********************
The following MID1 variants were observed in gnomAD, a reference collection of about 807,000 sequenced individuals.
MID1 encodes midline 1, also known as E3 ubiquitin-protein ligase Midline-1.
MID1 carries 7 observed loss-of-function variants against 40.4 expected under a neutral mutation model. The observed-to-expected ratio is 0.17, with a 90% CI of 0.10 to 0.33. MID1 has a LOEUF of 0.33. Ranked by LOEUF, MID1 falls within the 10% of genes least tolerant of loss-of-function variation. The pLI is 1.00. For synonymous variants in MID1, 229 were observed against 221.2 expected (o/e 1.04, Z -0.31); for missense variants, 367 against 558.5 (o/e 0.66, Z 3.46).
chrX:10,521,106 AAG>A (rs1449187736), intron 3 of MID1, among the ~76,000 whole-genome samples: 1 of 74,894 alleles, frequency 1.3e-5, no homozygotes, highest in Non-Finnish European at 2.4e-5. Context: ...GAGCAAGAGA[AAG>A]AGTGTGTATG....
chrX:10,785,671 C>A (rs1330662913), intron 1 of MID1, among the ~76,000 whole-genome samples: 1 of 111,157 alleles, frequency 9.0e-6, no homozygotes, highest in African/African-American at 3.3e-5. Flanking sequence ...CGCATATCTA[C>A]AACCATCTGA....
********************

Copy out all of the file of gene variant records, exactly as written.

The following MID1 variants were observed in gnomAD, a reference collection of about 807,000 sequenced individuals.
MID1 encodes midline 1, also known as E3 ubiquitin-protein ligase Midline-1.
MID1 carries 7 observed loss-of-function variants against 40.4 expected under a neutral mutation model. The observed-to-expected ratio is 0.17, with a 90% CI of 0.10 to 0.33. MID1 has a LOEUF of 0.33. Ranked by LOEUF, MID1 falls within the 10% of genes least tolerant of loss-of-function variation. The pLI is 1.00. For synonymous variants in MID1, 229 were observed against 221.2 expected (o/e 1.04, Z -0.31); for missense variants, 367 against 558.5 (o/e 0.66, Z 3.46).
chrX:10,521,106 AAG>A (rs1449187736), intron 3 of MID1, among the ~76,000 whole-genome samples: 1 of 74,894 alleles, frequency 1.3e-5, no homozygotes, highest in Non-Finnish European at 2.4e-5. Context: ...GAGCAAGAGA[AAG>A]AGTGTGTATG....
chrX:10,785,671 C>A (rs1330662913), intron 1 of MID1, among the ~76,000 whole-genome samples: 1 of 111,157 alleles, frequency 9.0e-6, no homozygotes, highest in African/African-American at 3.3e-5. Flanking sequence ...CGCATATCTA[C>A]AACCATCTGA....